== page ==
With a confluence of favorable conditions, an email germinated into an experiment that could help autistic students find productive careers.
An Old Dominion University assistant engineering professor, Chung-Hao Chen, received a request from a tech company seeking high-functioning autistic students.
While difficulty reading social cues characterizes the disorder, some studies have shown that those students have an aptitude for the demanding, detail-oriented work of computer programming and product testing.
The professor, reported The Pilot's Elizabeth Simpson, connected with Dr. Maria Urbano, the director of a program for autistic students at Eastern Virginia Medical School.
The experiment holds potential for multiple successes: helping autistic students improve their social ability while simultaneously developing job skills; encouraging kids to consider careers in science and math; training future workers in a lucrative, growing job field; and increasing cooperation between two schools considering a joint public health program.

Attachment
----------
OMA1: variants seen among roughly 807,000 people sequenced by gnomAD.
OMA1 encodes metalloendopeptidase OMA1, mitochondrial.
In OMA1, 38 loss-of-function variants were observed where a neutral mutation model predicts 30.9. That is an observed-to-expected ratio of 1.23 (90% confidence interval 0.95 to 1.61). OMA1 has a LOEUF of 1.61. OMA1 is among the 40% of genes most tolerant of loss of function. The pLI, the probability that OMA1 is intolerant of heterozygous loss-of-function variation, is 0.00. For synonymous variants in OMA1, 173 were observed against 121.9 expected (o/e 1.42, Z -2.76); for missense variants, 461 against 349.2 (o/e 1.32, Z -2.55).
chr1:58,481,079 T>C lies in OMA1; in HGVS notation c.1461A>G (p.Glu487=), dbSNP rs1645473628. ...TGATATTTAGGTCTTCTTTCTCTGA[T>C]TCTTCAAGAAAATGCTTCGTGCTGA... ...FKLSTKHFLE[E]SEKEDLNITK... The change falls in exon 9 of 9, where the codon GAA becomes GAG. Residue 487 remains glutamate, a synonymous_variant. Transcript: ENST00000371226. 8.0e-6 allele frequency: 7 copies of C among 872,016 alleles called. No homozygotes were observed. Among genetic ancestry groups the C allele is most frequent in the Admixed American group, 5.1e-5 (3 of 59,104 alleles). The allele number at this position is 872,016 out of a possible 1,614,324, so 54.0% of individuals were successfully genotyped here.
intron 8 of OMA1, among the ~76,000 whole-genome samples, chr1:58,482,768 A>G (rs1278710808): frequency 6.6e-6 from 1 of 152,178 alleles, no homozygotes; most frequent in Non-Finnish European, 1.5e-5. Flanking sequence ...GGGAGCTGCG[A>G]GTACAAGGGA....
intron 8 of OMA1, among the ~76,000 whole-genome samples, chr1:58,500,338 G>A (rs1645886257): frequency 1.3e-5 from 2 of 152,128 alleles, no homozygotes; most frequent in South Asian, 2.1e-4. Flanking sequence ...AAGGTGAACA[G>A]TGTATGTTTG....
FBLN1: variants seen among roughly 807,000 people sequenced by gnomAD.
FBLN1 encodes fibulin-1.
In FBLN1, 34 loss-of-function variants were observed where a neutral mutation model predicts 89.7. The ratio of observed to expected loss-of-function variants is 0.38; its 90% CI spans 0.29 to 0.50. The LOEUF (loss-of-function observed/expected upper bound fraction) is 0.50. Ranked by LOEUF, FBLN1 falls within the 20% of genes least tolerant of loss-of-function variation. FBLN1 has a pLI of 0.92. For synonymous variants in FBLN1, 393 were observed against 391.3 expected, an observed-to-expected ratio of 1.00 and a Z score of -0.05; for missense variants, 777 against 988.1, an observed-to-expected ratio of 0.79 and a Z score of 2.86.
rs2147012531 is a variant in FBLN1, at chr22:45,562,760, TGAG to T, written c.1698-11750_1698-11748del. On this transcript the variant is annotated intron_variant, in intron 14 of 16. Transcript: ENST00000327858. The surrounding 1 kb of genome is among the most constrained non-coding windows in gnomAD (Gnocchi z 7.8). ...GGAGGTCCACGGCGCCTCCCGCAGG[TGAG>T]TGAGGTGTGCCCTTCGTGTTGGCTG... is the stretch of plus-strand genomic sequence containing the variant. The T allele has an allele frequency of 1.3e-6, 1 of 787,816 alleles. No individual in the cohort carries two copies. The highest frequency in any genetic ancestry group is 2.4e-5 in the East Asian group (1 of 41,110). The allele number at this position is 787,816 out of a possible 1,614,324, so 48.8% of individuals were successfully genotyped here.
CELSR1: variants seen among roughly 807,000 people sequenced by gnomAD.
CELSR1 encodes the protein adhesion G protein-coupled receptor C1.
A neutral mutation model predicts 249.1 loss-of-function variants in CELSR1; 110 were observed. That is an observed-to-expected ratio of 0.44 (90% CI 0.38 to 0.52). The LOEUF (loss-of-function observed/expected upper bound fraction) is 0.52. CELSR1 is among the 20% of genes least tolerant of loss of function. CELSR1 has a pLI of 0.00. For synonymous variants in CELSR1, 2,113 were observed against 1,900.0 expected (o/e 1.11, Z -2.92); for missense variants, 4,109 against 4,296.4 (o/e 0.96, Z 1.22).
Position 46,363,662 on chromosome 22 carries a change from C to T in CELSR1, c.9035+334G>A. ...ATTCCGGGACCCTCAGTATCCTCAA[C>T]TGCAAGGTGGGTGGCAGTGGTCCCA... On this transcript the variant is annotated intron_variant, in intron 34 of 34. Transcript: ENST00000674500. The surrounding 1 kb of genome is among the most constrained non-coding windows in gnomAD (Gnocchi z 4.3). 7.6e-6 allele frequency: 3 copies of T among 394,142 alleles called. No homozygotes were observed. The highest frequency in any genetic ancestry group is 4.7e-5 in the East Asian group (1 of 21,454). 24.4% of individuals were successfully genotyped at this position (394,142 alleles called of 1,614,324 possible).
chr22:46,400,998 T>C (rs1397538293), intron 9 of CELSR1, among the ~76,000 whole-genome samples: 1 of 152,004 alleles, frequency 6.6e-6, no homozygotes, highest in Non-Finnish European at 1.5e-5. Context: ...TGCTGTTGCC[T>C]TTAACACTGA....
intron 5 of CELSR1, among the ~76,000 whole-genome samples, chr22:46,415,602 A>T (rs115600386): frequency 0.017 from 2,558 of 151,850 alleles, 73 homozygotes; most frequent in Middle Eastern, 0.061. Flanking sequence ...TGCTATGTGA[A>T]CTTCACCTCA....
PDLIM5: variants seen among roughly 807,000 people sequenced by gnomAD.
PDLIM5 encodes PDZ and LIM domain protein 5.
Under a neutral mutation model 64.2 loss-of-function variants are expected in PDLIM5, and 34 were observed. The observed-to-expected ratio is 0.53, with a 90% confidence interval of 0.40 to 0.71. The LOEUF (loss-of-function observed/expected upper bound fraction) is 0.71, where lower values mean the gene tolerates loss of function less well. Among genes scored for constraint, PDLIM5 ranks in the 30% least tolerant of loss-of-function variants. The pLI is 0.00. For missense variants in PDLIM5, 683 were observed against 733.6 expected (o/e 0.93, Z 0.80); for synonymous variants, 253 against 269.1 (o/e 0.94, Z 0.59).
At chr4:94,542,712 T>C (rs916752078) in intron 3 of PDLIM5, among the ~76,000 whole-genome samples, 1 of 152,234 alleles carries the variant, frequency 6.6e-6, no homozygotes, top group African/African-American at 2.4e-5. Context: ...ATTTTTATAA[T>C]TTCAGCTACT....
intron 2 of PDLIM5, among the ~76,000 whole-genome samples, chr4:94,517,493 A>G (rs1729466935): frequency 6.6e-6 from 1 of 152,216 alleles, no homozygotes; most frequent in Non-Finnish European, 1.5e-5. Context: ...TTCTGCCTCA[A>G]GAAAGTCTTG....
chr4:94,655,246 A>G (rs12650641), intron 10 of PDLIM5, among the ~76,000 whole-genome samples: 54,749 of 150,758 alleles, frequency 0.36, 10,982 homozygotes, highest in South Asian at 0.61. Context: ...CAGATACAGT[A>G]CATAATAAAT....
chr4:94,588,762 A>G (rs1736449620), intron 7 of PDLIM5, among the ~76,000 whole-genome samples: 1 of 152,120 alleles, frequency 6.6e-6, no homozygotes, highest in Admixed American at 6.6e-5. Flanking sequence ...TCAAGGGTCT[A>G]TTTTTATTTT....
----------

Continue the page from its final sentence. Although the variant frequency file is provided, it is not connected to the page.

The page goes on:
That's a lot of mileage from one 12-week experiment, a lot of possibility sprouting from an email.
We had, right here in Hampton Roads, a professor who recognized that potential working down the street from a doctor who could help realize it. That Chen received the email was, perhaps, serendipity. But when a good idea falls on fertile ground, as it did this time, it has a chance to grow.